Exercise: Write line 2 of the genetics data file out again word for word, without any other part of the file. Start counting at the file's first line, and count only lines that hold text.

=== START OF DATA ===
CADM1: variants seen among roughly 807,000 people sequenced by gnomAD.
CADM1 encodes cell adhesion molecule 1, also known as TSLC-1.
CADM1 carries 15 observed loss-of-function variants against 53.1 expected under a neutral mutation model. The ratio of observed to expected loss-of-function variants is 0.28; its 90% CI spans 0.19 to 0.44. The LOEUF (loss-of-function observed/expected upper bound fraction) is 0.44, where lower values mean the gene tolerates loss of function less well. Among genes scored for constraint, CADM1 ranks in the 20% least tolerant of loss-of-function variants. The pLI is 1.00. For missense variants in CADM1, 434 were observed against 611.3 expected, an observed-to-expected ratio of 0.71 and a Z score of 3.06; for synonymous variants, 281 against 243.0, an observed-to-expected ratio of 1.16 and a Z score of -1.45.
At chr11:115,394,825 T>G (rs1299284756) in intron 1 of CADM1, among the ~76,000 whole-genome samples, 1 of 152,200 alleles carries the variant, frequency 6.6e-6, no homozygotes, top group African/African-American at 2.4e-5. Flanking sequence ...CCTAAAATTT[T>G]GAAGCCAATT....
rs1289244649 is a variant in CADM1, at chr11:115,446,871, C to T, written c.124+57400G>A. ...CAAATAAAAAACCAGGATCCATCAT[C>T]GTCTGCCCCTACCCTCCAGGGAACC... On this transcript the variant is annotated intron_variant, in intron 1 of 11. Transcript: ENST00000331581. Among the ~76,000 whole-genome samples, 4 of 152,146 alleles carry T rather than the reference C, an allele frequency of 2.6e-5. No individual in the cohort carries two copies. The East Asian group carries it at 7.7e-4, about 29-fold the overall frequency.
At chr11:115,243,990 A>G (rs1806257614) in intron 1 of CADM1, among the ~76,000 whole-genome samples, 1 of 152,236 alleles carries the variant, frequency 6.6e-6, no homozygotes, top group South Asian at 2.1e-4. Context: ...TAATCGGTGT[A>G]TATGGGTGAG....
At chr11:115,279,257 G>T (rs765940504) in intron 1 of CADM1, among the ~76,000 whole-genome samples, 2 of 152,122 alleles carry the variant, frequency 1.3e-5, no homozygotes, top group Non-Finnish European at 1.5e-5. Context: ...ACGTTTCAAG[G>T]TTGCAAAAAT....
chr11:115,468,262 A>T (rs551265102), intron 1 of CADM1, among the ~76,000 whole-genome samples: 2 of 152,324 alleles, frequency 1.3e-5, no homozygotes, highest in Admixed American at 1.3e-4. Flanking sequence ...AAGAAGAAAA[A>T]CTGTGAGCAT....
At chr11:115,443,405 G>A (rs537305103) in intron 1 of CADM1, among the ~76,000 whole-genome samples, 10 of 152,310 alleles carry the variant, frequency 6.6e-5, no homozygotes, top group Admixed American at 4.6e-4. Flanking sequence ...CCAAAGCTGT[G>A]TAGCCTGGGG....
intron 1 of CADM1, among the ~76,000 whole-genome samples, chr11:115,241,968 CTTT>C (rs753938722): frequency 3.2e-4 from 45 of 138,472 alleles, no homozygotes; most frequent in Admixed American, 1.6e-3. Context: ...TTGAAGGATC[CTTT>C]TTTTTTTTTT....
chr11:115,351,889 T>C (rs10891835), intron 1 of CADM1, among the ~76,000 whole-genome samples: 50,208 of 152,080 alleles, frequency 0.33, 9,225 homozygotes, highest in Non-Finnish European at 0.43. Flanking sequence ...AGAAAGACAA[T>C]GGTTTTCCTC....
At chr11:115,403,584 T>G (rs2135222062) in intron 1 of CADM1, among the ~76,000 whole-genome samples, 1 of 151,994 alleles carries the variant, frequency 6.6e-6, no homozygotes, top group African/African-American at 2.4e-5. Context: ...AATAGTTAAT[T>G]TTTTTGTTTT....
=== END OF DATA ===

CADM1 encodes cell adhesion molecule 1, also known as TSLC-1.